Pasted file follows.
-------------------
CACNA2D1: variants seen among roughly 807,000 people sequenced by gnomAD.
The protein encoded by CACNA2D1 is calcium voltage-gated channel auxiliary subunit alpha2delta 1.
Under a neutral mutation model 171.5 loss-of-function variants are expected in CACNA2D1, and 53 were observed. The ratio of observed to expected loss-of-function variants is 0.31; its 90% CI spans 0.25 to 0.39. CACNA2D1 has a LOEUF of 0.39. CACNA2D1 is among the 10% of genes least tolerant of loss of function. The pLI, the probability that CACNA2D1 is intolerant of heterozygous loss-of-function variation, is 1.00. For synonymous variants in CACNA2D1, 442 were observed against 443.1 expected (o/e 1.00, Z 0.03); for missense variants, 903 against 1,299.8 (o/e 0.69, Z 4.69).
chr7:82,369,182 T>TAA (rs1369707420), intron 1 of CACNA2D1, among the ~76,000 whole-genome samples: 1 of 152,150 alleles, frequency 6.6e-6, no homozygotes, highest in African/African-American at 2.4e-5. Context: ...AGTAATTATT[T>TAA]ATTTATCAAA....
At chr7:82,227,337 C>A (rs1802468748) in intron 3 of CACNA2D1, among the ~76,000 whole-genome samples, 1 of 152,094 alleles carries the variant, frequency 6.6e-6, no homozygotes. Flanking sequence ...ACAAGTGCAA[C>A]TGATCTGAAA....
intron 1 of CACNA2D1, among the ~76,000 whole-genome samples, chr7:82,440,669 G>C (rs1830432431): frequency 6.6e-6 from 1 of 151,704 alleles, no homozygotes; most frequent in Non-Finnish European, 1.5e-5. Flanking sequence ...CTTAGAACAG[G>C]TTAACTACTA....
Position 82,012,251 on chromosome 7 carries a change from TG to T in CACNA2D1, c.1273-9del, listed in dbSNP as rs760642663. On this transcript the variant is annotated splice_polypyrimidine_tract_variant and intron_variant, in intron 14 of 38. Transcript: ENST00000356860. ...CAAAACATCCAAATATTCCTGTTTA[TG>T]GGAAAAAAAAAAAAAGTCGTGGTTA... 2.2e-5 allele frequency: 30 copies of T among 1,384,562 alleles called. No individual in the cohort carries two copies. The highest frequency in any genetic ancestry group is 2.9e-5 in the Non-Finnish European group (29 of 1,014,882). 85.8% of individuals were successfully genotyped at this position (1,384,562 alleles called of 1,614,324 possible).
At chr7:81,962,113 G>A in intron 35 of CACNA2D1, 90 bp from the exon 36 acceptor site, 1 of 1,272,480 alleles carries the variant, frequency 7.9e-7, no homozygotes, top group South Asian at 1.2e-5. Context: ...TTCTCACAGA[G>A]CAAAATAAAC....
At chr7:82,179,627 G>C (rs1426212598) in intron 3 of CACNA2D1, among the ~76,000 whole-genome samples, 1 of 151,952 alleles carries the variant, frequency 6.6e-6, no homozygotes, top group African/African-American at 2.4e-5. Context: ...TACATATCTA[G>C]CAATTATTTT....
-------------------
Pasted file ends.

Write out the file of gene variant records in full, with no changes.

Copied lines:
CACNA2D1: variants seen among roughly 807,000 people sequenced by gnomAD.
The protein encoded by CACNA2D1 is calcium voltage-gated channel auxiliary subunit alpha2delta 1.
Under a neutral mutation model 171.5 loss-of-function variants are expected in CACNA2D1, and 53 were observed. The ratio of observed to expected loss-of-function variants is 0.31; its 90% CI spans 0.25 to 0.39. CACNA2D1 has a LOEUF of 0.39. CACNA2D1 is among the 10% of genes least tolerant of loss of function. The pLI, the probability that CACNA2D1 is intolerant of heterozygous loss-of-function variation, is 1.00. For synonymous variants in CACNA2D1, 442 were observed against 443.1 expected (o/e 1.00, Z 0.03); for missense variants, 903 against 1,299.8 (o/e 0.69, Z 4.69).
chr7:82,369,182 T>TAA (rs1369707420), intron 1 of CACNA2D1, among the ~76,000 whole-genome samples: 1 of 152,150 alleles, frequency 6.6e-6, no homozygotes, highest in African/African-American at 2.4e-5. Context: ...AGTAATTATT[T>TAA]ATTTATCAAA....
At chr7:82,227,337 C>A (rs1802468748) in intron 3 of CACNA2D1, among the ~76,000 whole-genome samples, 1 of 152,094 alleles carries the variant, frequency 6.6e-6, no homozygotes. Flanking sequence ...ACAAGTGCAA[C>A]TGATCTGAAA....
intron 1 of CACNA2D1, among the ~76,000 whole-genome samples, chr7:82,440,669 G>C (rs1830432431): frequency 6.6e-6 from 1 of 151,704 alleles, no homozygotes; most frequent in Non-Finnish European, 1.5e-5. Flanking sequence ...CTTAGAACAG[G>C]TTAACTACTA....
Position 82,012,251 on chromosome 7 carries a change from TG to T in CACNA2D1, c.1273-9del, listed in dbSNP as rs760642663. On this transcript the variant is annotated splice_polypyrimidine_tract_variant and intron_variant, in intron 14 of 38. Transcript: ENST00000356860. ...CAAAACATCCAAATATTCCTGTTTA[TG>T]GGAAAAAAAAAAAAAGTCGTGGTTA... 2.2e-5 allele frequency: 30 copies of T among 1,384,562 alleles called. No individual in the cohort carries two copies. The highest frequency in any genetic ancestry group is 2.9e-5 in the Non-Finnish European group (29 of 1,014,882). 85.8% of individuals were successfully genotyped at this position (1,384,562 alleles called of 1,614,324 possible).
At chr7:81,962,113 G>A in intron 35 of CACNA2D1, 90 bp from the exon 36 acceptor site, 1 of 1,272,480 alleles carries the variant, frequency 7.9e-7, no homozygotes, top group South Asian at 1.2e-5. Context: ...TTCTCACAGA[G>A]CAAAATAAAC....
At chr7:82,179,627 G>C (rs1426212598) in intron 3 of CACNA2D1, among the ~76,000 whole-genome samples, 1 of 151,952 alleles carries the variant, frequency 6.6e-6, no homozygotes, top group African/African-American at 2.4e-5. Context: ...TACATATCTA[G>C]CAATTATTTT....